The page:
matter what length your story, flash fiction, short story, novel, or otherwise.
2. Fewest Moments – Stick to the fewest scenes possible – ideally, just one. Too many
scenes, and you’ll likely need to focus on it being a short story, not a flash fiction.
3. Fewest Characters – Again, less is better. Two to three characters are likely best. Too
many personalities fighting for the stage, and you’re entering the realm of the short
4. Emotional Tension – Take your reader on an emotional rollercoaster. No matter how
short, make sure you change the reader’s emotional response. Either from the first to the
second line or with the last line. Potentially both!
5. First Person Point of View – The first-person point of view inherently connects the
reader to the story and increases the likelihood of drama. Using it will therefore save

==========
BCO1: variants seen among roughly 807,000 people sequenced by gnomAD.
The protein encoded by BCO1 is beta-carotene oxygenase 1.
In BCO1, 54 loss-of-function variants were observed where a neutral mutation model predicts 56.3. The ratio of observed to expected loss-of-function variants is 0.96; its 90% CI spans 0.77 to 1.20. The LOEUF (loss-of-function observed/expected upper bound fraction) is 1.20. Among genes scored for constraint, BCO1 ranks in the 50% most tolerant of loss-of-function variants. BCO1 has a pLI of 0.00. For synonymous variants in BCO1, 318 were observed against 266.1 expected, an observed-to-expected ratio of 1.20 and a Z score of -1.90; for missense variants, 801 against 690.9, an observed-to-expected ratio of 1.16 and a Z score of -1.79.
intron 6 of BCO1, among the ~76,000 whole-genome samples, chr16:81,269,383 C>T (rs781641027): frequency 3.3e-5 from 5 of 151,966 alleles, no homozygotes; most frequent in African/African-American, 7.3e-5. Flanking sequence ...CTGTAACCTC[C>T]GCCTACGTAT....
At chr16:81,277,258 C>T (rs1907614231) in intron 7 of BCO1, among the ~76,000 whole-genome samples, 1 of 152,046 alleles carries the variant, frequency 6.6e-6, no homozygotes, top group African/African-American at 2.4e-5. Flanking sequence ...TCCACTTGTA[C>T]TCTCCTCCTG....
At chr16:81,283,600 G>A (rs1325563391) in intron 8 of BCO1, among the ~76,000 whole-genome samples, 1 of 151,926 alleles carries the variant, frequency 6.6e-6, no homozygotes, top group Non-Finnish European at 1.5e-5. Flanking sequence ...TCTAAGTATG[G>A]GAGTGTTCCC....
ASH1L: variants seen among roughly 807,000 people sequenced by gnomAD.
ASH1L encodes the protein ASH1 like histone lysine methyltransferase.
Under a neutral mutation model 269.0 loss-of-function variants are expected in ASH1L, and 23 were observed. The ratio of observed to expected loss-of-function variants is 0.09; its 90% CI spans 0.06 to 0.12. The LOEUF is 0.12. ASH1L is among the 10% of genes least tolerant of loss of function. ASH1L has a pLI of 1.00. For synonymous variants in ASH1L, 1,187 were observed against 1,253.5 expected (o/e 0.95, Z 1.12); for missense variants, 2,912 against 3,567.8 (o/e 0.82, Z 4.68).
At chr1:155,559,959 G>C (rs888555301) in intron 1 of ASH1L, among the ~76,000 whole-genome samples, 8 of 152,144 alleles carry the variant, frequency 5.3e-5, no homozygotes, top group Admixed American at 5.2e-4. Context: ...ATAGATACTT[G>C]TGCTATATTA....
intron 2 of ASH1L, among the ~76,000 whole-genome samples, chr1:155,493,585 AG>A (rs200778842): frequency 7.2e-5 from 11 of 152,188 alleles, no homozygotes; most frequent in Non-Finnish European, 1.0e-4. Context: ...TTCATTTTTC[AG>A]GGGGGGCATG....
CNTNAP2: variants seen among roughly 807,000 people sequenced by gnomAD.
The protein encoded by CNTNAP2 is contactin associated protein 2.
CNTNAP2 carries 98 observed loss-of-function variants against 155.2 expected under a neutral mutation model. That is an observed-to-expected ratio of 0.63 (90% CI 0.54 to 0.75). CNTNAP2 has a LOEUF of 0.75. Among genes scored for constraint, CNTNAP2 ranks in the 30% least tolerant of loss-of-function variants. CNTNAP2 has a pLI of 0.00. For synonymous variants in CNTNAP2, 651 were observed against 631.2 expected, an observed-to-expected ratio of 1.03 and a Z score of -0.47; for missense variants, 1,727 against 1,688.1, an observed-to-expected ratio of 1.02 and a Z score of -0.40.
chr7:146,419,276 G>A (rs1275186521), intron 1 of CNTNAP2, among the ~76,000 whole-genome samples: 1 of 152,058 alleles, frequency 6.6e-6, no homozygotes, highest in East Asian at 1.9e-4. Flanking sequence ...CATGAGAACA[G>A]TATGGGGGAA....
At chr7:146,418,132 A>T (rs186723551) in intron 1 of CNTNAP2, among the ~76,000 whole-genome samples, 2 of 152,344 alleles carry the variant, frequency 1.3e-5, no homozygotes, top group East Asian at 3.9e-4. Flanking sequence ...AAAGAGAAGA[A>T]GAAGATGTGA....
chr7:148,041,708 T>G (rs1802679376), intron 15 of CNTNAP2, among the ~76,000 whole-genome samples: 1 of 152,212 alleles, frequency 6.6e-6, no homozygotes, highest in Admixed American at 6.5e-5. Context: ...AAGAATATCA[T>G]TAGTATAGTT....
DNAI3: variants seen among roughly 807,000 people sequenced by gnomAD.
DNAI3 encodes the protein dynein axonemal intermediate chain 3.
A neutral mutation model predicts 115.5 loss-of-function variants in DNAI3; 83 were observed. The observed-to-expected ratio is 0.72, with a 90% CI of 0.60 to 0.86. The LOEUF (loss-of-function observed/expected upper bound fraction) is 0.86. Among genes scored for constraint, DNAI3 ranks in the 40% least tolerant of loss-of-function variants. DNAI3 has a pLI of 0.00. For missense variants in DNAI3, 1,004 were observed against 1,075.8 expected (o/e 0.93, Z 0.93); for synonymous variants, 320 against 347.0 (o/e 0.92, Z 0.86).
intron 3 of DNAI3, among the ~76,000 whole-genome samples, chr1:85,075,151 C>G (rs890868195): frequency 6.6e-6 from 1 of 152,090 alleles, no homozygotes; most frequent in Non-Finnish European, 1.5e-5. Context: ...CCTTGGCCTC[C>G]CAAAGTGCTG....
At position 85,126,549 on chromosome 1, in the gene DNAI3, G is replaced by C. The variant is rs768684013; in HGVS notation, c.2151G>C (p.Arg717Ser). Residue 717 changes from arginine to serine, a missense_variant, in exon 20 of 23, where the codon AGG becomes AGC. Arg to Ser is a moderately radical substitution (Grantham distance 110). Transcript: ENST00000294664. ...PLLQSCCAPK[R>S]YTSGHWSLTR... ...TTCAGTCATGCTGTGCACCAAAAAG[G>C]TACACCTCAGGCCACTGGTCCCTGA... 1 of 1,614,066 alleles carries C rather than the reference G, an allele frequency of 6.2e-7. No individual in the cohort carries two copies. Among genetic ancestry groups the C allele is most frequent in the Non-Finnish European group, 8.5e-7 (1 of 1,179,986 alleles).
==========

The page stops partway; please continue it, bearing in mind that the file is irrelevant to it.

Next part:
you valuable word real-estate.
6. Use the Title – Similar to step #5, when you have very few words at your disposal,
take advantage of every single word, including your title. Imagine it as a prologue or a
way to make a twist with the first or last sentence.
These are general tips, not absolute rules! Although I am still relatively new to flash fiction, in my experience so far, I've been able to use a third-person point of view and multiple scenes when writing some of my sudden fiction and flash fiction. However, my favorite tip from the above list is emotional tension! I love using a powerful last line, ending with a twist, catching the reader off guard. Of course, as I continue to grow as a flash fiction writer, I'll continue to experiment and change my methods. The last thing I want is to become predictable or cliché. Flash fiction, or any writing, should be neither of these things!
Before I leave you, I’ll end this blog post with several examples from my own writing that I think best incorporate several of these tips. Let’s see if you can spot them! Please let me know what you think in the comments! And don't forget to spend some time perusing my website!